COVID-19: Why Nigerians fear another lockdown, yet defy safety protocols
The second wave of Coronavirus (COVID-19) pandemic has been ferociously ravaging the country. There has been an astronomic increase in the number of infected persons in the past few days. The casualty figures across the states and the Federal Capital Territory (FCT), Abuja, are also rising. Last Thursday, Nigeria recorded another grim statistics with 1,565 confirmed new cases in 25 states and the FCT. The data released by the Nigeria Centre for Disease Control (NCDC) also indicated that six people died of the virus. Thursday’s figure pushed the total number of confirmed cases in the country to 95,934, total number of casualties to 1,330 and total number of recoveries to 77, 982.
Among the latest casualties were a former Vice Chancellor of the University of Lagos (UNILAG), Prof. Oyewusi Ibidapo-Obe, who reportedly died as a result of complications from the disease on January 3; a retired professor of science education at the same university, Duro Ajeyalemi, who died on January 6, and Haroun Hamzat, a medical doctor and the younger brother of the deputy governor of Lagos State, who also died on January 6, aged 37.
As the disease spreads, government at all levels in the country and concerned individuals have been crying out loud to caution Nigerians against undermining it.
Last Thursday, Chairman of the Presidential Taskforce (PTF) on COVID-19 and Secretary to the Government of the Federation (SGF), Mr. Boss Mustapha, lamented Nigerians’ nonchalant attitude to the virus.
“We must be very aggressive with our communication because we are at a tipping point. The more people are infected, the more the rate of hospitalisations will go up and we will run out of bed spaces and correspondingly, people who have other ailments will not be able to assess healthcare.
“So, people will be dying of COVID-19 and people will be dying of other ailments. There will be a strain on medical personnel and right now, our medical front-liners are under intense pressure to meet the needs of patients who are infected with COVID-19. So, we are at a tipping point and my plea to Nigerians is that we must arrest this transmission,” he appealed.
Last Wednesday, the Governor of Lagos State, Mr Babajide Sanwo-Olu, also expressed concern over rising cases of confirmed persons in the state. The state still retains its position as the epicentre of the pandemic in the country with 34,136 confirmed cases as at 12.57pm yesterday, with 807 new cases recorded last Thursday.
In a note the governor posted on his social media handles, he wrote: “Lagos, there is an urgent need for us to be more circumspect in the way we live, interact and socialise with our friends and family.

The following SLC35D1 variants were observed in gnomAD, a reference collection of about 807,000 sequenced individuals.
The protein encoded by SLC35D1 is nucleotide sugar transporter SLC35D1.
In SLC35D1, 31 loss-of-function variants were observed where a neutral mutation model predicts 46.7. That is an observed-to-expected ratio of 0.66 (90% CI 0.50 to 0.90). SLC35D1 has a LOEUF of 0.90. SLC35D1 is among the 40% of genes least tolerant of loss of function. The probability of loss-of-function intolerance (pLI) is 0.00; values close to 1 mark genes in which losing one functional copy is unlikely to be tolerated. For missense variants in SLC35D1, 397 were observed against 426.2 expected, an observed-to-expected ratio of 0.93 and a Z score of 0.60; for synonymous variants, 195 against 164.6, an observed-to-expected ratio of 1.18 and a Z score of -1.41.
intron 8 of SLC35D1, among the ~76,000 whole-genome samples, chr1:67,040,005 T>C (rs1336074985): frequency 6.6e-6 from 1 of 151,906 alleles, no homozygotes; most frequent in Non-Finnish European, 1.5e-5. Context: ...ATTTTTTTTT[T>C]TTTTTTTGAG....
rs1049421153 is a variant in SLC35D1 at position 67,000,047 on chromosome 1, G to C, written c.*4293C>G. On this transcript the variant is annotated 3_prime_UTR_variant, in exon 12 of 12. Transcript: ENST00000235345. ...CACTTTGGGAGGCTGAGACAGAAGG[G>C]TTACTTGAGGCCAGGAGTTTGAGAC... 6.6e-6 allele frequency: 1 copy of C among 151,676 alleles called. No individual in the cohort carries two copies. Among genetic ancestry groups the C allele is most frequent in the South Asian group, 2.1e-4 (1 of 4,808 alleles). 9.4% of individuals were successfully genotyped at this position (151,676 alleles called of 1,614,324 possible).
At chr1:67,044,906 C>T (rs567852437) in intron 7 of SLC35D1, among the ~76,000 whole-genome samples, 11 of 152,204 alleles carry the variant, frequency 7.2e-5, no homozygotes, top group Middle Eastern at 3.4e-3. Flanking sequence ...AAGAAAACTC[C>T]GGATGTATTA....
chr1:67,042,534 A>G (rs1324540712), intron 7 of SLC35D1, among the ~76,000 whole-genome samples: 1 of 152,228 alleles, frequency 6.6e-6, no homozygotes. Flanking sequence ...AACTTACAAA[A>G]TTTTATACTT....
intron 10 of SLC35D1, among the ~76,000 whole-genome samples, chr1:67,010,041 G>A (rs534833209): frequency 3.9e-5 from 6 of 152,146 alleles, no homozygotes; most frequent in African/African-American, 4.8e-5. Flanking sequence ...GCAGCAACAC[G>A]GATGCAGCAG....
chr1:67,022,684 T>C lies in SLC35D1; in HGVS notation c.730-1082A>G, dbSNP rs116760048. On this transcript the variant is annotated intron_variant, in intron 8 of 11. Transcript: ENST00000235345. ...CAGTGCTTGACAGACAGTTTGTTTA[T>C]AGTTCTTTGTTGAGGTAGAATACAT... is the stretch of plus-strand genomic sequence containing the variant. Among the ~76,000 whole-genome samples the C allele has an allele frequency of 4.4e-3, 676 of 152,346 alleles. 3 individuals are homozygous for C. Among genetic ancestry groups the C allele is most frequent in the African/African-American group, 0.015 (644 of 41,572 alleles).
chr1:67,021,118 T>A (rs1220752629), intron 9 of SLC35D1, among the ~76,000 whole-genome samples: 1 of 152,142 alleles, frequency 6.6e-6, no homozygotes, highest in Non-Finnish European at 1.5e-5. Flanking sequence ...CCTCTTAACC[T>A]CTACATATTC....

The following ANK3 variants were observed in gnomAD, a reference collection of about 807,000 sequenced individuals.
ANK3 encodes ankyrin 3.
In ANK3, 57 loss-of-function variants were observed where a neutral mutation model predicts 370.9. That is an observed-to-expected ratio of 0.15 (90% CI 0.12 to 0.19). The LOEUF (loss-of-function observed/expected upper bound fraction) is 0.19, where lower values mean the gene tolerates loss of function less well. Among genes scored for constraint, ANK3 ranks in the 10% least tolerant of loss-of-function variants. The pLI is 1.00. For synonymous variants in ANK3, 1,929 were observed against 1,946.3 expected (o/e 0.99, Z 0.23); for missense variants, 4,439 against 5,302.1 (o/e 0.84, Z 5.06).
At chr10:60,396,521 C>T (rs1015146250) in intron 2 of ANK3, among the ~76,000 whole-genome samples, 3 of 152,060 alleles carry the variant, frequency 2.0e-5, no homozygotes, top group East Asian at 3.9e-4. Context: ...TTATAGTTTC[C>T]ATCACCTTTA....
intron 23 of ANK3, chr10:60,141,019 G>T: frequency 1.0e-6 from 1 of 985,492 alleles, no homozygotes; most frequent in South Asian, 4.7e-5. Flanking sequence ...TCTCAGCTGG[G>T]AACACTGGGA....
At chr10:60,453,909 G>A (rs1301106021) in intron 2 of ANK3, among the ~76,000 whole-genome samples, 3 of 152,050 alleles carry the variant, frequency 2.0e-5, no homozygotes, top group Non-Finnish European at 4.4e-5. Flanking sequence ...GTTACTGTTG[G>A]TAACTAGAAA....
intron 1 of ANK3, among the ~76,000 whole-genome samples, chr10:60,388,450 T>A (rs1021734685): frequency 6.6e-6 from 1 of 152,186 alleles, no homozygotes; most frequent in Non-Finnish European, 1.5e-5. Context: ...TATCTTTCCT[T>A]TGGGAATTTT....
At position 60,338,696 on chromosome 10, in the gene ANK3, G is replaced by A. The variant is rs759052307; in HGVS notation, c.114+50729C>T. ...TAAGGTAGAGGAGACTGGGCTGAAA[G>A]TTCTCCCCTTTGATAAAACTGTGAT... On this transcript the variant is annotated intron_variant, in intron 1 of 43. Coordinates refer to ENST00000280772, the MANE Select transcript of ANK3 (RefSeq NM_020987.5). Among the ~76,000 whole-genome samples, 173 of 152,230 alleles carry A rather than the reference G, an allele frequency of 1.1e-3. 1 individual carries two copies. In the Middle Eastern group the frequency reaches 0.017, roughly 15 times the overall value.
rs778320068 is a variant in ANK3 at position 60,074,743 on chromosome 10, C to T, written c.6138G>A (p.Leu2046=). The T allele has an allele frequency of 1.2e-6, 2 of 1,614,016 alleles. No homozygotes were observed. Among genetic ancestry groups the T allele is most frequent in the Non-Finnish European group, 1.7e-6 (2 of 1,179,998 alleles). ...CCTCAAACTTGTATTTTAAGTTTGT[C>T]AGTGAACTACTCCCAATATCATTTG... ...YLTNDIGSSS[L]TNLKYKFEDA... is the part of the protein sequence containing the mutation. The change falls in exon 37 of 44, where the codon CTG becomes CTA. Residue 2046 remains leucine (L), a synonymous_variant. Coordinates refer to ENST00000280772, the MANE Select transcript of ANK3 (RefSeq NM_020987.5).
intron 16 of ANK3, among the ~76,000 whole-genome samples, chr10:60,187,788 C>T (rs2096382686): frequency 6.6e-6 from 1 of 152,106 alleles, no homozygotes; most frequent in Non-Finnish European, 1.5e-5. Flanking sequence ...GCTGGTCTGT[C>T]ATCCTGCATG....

“Many people are ignoring COVID-19 warnings and guidelines, thereby exposing themselves and others to the virus. We are well into the second wave of the pandemic. Yesterday (Tuesday), Lagos scarily recorded its highest number of infections in one day – 712. We have already recorded a frightening spike in infection cases. This spike brings positive cases to a total of 32,720 in Lagos alone.
“This second wave comes with severe symptoms, and the higher number of positive cases we detect, the higher number of casualties we are bound to record. We do not want this, but for this to be avoided, we must be intentional and cautious.
“We also do not want to go into another lockdown. It is important that you wear your masks, avoid crowded areas, wash or sanitise your hands regularly and practice social distancing. We simply cannot afford to be complacent at this time.”
Speaking in the same vein, the Chief Medical Director (CMD), Lagos University Teaching Hospital (LUTH), Idi-Araba, Lagos, Prof. Chris Bode, said COVID-19 second wave was claiming many lives.
Bode, who made the assertion at a news conference in Lagos, last Wednesday said: “The resurgence of COVID-19, through the newly mutated form, is ravaging our land, claiming many lives. Unlike what we witnessed in the first wave, this one is even more easily transmitted and deadlier too.
“It is, therefore, imperative for everyone to, first and foremost, accept that COVID-19 pandemic is not over, and we must prepare to confront it all over again. What we see on the streets, worship centres and social interactions, parties and daily activities call for concern.
“In a period when the ‘enemy’ has doubled back and is attacking us ferociously, we seem to be celebrating a false victory and denying the danger is still around us. We need to observe all the basic rules we have been following all along and wake up to the present reality.”
Some recent survivors of the disease have also appealed to Nigerians to observe the safety protocols against the disease and stay safe.